Ceph’s RADOS provides you with extraordinary data storage scalability—thousands of client hosts or KVMs accessing petabytes to exabytes of data. Each one of your applications can use the objectblock or file system interfaces to the same RADOS cluster simultaneously, which means your Ceph storage system serves as a flexible foundation for all of your data storage needs. You can use Ceph for free, and deploy it on economical commodity hardware. Ceph is a better way to store data.

Ceph’s CRUSH algorithm liberates storage clusters from the scalability and performance limitations imposed by centralized data table mapping. It replicates and rebalances data within the cluster dynamically eliminating this tedious task for administrators, while delivering high-performance and infinite scalability.

Ceph uniquely delivers object, block, and file storage in one unified system.

Ceph Object Storage

Ceph’s software libraries provide client applications with direct access to the RADOS object-based storage system, and also provide a foundation for some of Ceph’s advanced features, including RADOS Block Device (RBD), RADOS Gateway (RGW), and the Ceph File System (CephFS).

Ceph Object Gateway is an object storage interface built on top of librados to provide applications with a RESTful gateway to Ceph Storage Clusters. Ceph Object Storage supports two interfaces:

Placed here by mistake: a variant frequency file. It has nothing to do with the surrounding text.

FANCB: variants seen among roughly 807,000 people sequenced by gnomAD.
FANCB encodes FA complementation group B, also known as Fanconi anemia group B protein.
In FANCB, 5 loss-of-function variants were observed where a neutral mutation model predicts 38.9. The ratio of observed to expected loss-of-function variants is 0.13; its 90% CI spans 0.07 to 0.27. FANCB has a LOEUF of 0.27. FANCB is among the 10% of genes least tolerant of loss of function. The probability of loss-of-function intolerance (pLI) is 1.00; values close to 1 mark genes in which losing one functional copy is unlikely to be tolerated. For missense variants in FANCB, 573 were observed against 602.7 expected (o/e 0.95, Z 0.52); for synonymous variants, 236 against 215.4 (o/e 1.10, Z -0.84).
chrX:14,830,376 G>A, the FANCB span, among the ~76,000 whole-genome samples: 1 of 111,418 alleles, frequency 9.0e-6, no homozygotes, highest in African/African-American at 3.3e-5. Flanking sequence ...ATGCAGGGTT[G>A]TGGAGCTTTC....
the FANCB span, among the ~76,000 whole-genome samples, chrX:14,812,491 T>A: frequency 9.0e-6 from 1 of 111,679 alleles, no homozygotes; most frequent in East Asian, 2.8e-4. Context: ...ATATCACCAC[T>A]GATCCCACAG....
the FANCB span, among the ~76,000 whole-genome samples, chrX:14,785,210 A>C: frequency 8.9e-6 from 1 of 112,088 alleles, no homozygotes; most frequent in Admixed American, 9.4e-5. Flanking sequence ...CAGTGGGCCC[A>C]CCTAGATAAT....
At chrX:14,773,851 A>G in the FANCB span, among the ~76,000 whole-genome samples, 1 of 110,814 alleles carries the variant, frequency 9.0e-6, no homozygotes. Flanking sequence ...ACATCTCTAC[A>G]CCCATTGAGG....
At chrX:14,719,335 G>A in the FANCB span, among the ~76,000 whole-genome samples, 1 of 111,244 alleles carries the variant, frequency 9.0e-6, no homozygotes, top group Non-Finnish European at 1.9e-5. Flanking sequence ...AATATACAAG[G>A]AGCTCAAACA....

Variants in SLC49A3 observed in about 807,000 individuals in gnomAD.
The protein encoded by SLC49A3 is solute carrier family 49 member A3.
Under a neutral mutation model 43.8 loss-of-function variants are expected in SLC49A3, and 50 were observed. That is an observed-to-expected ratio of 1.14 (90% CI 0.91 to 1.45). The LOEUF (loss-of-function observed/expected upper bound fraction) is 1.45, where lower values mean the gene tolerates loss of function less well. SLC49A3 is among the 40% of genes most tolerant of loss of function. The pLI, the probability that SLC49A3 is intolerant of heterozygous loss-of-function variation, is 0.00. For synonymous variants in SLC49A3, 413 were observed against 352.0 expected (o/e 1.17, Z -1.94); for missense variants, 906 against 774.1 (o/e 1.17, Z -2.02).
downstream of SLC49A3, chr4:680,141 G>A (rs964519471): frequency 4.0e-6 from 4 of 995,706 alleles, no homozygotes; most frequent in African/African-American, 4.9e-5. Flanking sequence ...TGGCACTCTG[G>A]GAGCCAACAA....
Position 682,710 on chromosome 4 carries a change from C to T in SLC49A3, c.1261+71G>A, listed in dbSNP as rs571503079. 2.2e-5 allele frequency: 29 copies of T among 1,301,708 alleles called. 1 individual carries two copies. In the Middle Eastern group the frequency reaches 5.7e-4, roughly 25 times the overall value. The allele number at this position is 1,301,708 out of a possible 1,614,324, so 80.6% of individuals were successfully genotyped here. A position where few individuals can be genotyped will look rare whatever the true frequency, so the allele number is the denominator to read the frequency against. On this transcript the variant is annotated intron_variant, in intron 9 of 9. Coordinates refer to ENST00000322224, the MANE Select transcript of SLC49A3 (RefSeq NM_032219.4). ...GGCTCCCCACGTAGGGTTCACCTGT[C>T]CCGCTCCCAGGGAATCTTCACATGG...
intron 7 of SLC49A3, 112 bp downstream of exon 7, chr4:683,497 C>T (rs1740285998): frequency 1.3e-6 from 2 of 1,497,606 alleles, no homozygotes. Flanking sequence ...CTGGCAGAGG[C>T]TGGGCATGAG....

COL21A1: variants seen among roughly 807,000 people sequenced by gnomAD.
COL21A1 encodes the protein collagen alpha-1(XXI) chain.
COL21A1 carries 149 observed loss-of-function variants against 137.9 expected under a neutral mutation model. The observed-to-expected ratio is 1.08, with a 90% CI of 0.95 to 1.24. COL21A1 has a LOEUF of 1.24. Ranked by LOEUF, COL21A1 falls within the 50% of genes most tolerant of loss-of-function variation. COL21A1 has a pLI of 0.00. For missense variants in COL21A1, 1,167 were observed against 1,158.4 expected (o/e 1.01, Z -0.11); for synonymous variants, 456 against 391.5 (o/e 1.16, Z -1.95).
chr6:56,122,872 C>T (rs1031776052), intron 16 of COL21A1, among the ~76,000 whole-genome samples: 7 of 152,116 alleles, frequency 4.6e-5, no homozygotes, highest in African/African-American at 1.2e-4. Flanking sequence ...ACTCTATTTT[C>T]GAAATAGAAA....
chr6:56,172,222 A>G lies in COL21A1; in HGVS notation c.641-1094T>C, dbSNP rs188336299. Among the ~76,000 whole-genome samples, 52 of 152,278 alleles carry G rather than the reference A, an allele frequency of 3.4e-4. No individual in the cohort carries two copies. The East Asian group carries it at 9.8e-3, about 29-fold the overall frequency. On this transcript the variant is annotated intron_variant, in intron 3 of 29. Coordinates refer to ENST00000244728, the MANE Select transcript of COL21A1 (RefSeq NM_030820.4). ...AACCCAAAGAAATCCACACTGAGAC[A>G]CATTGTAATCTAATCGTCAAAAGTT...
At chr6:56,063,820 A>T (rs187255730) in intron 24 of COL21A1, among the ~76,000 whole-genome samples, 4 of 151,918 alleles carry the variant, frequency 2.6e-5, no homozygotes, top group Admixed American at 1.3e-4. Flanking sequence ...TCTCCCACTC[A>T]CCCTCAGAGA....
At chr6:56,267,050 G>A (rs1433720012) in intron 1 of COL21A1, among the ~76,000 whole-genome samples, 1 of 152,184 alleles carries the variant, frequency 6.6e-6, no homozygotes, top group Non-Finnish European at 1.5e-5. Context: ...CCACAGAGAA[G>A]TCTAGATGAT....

Benefits are as follows:

Ceph Block Device

Ceph’s object storage system isn’t limited to native binding or RESTful APIs. You can mount Ceph as a thinly provisioned block device! When you write data to Ceph using a block device, Ceph automatically stripes and replicates the data across the cluster. Ceph’s RADOS Block Device (RBD) also integrates with Kernel Virtual Machines (KVMs), bringing Ceph’s virtually unlimited storage to KVMs running on your Ceph clients.

Ceph RBD interfaces with the same Ceph object storage system that provides the librados interface and the Ceph FS file system, and it stores block device images as objects. Since RBD is built on top of librados, RBD inherits librados capabilites, including read-only snapshots and revert to snapshot. By striping images across the cluster, Ceph improves read access performance for large block device images. Benefits are as follows: